State Department: Bosnia-Hercegovina - Consular Information Sheet, October 7, 1992
Bosnia-Hercegovina - Consular Information Sheet
Warning: The Department of State has a Travel Warning for
Bosnia-Hercegovina. U.S. citizens are warned not to travel to
Bosnia-Hercegovina for any reason, due to the ongoing civil war.
October 7, 1992
U.S. Assistance: The U.S. has not yet opened an Embassy in
Sarajevo, the capital of Bosnia-Hercegovinia. The United States
Information Service (USIS) Center formerly located in Sarajevo is
closed. U.S. citizens who choose to visit or remain in
Bosnia-Hercegovina despite the warning can register at the U.S.
Embassy in either Belgrade or Zagreb and obtain updated information
on travel and security. U.S. Embassy assistance is limited,
however, due to conflict in the area, lack of communications and
reduced Embassy staffing. The U.S. Embassy in Belgrade is located
at Kneza Milosa 50; telephone 645-655. The U.S. Embassy in Zagreb
is located at Andrije Hebranga 2, tel 444-800.
Entry Requirements: At the present time, Bosnia-Hercegovina entry
permission is granted at the border on a case-by-case basis.
Areas of Instability: A state of war resulting in deaths,
destruction, food shortages and travel disruptions affecting roads,
airports and railways make travel to all parts of Bosnia-Hercegovina
extremely hazardous. Travel to Sarajevo, Mostar and the religious
shrine at Medjugorje, is particularly dangerous.
Medical Facilities: Health facilities are minimal or non-existent;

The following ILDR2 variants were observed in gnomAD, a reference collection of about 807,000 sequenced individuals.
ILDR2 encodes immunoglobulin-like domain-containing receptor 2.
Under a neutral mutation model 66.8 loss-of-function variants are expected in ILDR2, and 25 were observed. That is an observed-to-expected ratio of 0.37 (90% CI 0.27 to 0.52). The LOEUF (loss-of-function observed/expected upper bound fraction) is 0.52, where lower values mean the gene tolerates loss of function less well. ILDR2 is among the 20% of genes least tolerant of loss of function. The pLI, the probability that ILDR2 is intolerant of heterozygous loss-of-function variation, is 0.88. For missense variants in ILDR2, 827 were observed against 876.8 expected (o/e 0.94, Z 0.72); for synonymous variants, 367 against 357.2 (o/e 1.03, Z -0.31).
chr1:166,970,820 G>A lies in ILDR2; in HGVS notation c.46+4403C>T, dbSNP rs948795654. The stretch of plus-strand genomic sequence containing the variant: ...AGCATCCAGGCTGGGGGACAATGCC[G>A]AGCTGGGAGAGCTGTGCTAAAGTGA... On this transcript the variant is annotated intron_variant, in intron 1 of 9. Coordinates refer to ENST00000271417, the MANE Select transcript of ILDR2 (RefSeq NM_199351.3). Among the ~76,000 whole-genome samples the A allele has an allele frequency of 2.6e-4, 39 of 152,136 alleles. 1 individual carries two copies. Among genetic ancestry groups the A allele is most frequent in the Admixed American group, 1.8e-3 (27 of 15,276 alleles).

most medicines are unobtainable. Further information on health
matters can be obtained from the Centers for Disease Control's
international Travelers hotline on (404) 332-4559.
Crime Information: General lawlessness and deteriorating economic
conditions have brought an increase in crime. Adequate police
response in the event of an emergency is doubtful. Anti-American
sentiments run high in many parts of the country, particularly in
Currency Regulations: It is impossible to use credit cards or to
cash traveler's checks.
Other Information: Roadblocks manned by local militias are
numerous. These militia groups frequently confiscate relief goods
and trucks, and may otherwise behave unprofessionally.
Registration: U.S. citizens visiting or remaining in
Bosnia-Hercegovina, despite the Warning, can register at either the
U.S. Embassy in Belgrade or in Zagreb and obtain updated information
on travel and security within the area.